Dickinson uses the juxtaposition between Heaven and Hell in order to mirror the highs and lows of life. The binary opposites which are evoked through this Biblical imagery serve to remind the reader that our lives are capable of being enriched and joyful, as well as being painful and full of suffering.

My life closed twice before its close—

It yet remains to see

If Immortality unveil

A third event to me

The Hollow Men

by T.S. Eliot

‘The Hollow Men’ presents the hollow, degenerated, and disillusioned people dealing with their meaningless existence amidst the ruins of the postwar world.

Eliot refers to the river place where souls wait to be ferried either to hell or heaven while alluding to the first and second books of Divine Comedy. "Hollow Men" of the modern world are not even taken into hell and are condemned to stay eternally by the river without any hope for redemption.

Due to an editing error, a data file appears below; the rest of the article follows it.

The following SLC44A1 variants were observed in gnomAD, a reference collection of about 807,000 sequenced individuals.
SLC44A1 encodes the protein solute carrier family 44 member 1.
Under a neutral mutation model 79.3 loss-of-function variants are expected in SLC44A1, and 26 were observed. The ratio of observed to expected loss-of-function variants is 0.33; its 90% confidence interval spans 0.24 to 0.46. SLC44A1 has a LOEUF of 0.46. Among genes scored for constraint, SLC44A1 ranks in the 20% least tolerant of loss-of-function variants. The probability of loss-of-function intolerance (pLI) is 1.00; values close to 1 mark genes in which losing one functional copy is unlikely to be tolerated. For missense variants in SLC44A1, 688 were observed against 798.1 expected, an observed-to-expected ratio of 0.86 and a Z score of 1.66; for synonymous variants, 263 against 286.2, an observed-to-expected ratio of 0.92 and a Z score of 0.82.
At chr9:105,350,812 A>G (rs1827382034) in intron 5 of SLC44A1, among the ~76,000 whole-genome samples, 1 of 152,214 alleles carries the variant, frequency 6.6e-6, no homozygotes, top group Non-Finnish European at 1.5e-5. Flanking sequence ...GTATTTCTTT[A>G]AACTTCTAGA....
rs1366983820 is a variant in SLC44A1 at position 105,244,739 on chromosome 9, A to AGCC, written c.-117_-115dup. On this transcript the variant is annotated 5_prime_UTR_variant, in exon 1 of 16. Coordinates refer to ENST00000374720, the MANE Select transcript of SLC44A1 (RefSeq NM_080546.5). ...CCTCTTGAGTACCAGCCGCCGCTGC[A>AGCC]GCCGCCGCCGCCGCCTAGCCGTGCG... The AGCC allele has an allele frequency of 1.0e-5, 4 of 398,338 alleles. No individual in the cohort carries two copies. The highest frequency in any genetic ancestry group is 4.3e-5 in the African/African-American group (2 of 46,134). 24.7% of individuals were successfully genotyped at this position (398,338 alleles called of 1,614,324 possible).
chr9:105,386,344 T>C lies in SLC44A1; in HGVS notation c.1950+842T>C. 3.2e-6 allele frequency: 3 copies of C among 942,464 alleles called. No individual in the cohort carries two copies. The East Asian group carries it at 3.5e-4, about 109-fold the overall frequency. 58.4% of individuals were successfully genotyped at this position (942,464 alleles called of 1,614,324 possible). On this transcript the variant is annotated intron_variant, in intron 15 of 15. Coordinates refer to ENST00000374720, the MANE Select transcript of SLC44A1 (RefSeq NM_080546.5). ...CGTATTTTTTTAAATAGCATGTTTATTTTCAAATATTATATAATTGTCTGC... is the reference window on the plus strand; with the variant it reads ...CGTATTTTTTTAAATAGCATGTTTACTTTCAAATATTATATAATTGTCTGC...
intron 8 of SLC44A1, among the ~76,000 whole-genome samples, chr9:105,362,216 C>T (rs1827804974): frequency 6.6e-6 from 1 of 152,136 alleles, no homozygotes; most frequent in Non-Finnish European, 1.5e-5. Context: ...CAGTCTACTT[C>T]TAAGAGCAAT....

We are the hollow men

We are the stuffed men

Leaning together

Headpiece filled with straw. Alas!

Holy Sonnet II

by John Donne

‘Holy Sonnet II’ by John Donne is the second in a series of religious sonnets that Donne is well-known for. This poem is directed to God and explores a speaker’s concerns about their fate. 

Donne's poem showcases the speaker's apprehension at the prospect of being taken to Hell when he dies, as he knows he has lived a sinful life. In typical Donne fashion, the poem reiterates the fact that faith in God can rescue the man from that horrific fate, if he can only repent for his sins.

As due by many titles I resign

Myself to thee, O God. First I was made

By Thee; and for Thee, and when I was decay’d

Thy blood bought that, the which before was Thine.


by Frederick Seidel

‘1968’ describes the aftermath of a raucous Hollywood party. Seidel works into this context a broader critique of sociopolitical realities.